Kawasaki Heavy Industries Introduces New Manufacturing Production Line At Its Lincoln, Nebraska Hub
According to company officials, “steady growth in demand for new aircraft is anticipated to continue in the worldwide commercial airplane market. Taking this opportunity to establish an assembly line for the Boeing 777X’s cargo doors, Kawasaki designates the Lincoln factory as its aerostructure manufacturing base in the U.S. and will actively pursue the expansion of its commercial aircraft business as well as the growth of KMM.”
Kawasaki develops and manufactures forward and mid fuselage panels, main landing gear wells, pressure bulkheads and cargo doors for the 777X. For the production work of the cargo door at the Lincoln factory, Kawasaki will use an automated riveting machine and an in-house developed painting robot to enhance the automation and speed of production and ensure high quality, thereby increasing the efficiency in production.
Nebraska Department of Economic Development officials said this is the first time for Kawasaki to establish an aerostructures production line in the United States. The production equipment is scheduled for installation in a work area of about 30,100 square feet in the existing factory prior to March 2017. Production operations will start in May 2017.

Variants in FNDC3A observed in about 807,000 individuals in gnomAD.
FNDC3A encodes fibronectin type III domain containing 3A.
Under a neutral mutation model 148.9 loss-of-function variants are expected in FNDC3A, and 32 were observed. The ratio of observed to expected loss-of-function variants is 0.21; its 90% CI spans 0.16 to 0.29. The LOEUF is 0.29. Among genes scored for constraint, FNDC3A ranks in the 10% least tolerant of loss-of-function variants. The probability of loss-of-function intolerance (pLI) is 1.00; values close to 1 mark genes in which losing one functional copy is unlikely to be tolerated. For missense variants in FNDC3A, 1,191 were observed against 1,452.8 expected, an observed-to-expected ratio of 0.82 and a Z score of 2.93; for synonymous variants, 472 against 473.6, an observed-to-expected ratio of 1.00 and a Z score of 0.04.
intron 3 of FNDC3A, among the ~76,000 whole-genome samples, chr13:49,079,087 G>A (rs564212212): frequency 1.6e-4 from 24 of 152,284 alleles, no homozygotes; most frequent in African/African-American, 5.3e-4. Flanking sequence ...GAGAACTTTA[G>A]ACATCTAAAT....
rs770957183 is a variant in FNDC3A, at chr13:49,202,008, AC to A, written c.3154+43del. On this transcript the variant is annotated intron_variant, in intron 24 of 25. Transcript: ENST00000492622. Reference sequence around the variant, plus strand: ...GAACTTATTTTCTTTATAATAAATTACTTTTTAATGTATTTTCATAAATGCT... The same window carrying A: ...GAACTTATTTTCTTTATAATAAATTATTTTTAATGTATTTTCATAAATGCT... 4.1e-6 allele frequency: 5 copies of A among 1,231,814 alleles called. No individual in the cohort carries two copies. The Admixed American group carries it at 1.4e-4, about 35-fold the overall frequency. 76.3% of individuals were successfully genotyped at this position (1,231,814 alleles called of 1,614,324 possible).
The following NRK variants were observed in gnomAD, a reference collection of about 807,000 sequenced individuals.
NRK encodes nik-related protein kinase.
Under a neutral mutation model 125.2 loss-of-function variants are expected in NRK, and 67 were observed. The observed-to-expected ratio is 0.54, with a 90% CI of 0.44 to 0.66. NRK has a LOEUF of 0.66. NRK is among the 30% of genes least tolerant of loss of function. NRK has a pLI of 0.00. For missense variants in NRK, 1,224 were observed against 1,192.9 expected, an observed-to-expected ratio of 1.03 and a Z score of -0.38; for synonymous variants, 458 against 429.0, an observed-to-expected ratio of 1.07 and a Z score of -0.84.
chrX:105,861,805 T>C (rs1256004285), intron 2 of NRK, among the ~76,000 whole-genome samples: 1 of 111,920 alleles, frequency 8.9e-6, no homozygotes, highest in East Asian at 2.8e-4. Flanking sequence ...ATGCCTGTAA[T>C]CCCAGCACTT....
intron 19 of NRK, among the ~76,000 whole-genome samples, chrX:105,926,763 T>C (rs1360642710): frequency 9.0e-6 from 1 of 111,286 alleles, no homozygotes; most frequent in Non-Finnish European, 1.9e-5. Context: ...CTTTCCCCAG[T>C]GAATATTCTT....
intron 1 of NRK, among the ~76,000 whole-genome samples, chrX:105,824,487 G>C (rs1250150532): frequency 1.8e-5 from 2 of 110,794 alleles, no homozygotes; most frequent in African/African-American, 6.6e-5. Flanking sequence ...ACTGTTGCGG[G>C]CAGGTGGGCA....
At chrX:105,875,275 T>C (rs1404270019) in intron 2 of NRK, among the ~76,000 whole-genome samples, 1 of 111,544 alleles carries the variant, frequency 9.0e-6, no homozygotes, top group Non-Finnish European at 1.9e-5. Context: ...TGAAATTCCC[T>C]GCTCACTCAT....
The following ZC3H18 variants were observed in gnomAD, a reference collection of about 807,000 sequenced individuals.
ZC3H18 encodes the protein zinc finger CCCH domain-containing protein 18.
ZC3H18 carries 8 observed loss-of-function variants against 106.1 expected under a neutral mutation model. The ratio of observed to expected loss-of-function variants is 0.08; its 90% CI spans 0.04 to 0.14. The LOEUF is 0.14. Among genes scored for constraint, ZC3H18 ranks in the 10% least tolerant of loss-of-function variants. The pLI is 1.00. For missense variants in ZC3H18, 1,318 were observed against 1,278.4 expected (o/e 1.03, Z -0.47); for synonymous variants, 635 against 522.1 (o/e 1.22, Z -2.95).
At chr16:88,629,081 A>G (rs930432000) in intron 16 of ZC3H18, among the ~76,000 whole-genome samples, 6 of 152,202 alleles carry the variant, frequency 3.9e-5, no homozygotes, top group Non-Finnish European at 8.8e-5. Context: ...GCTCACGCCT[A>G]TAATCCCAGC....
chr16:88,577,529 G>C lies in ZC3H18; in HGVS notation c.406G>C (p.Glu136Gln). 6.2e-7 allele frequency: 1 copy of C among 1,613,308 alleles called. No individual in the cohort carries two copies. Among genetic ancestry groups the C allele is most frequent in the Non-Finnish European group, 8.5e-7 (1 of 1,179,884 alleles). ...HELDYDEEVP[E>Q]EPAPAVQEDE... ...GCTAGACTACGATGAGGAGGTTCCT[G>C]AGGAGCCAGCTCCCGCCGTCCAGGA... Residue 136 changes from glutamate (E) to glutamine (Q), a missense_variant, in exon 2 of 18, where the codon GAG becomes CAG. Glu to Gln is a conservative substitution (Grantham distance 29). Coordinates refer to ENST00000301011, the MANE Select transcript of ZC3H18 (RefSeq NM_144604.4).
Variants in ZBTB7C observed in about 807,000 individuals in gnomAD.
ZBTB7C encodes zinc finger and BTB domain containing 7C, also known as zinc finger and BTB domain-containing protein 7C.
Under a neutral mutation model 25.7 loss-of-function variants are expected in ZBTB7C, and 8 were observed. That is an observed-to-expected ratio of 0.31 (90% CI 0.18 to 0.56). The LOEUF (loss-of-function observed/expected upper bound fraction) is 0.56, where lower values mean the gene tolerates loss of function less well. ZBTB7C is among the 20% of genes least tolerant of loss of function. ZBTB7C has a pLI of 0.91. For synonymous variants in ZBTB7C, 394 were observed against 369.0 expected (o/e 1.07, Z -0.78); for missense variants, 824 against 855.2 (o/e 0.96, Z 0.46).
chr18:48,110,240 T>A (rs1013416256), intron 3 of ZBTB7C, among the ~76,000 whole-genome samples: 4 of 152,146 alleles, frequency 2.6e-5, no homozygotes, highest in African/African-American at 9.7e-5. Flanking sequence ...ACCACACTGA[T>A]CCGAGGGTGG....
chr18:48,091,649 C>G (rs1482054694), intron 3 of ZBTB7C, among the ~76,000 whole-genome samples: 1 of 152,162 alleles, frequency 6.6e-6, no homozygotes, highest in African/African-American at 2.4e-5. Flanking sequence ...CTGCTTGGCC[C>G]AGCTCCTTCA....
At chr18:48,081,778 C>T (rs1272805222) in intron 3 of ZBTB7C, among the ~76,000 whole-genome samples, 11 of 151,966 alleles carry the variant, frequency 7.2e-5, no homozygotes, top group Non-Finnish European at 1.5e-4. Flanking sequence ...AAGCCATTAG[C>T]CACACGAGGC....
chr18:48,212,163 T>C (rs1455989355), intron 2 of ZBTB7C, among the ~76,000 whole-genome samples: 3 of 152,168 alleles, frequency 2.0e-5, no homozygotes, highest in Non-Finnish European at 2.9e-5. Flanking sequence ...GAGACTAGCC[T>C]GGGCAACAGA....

“Nebraska has benefited greatly from Kawasaki’s presence in the state,” said Governor Pete Ricketts. “Kawasaki’s decision to expand operations in Nebraska demonstrates our competitive position in the global economy. These added jobs and investment will help grow the Nebraska economy and increase employment opportunities in our state.”
The Lincoln factory began producing motorcycles in 1974, as a factory of Kawasaki Motors Corp., U.S.A., and was later independently incorporated as KMM in 1981. The factory also currently produces, among others: all-terrain vehicles, the Jet Ski personal watercraft, and railway vehicles.
The factory has introduced the Kawasaki Production Systems, Kawasaki’s original production system developed through mass-production activities over many years. It will extend these systems to the production of aerostructures as well.
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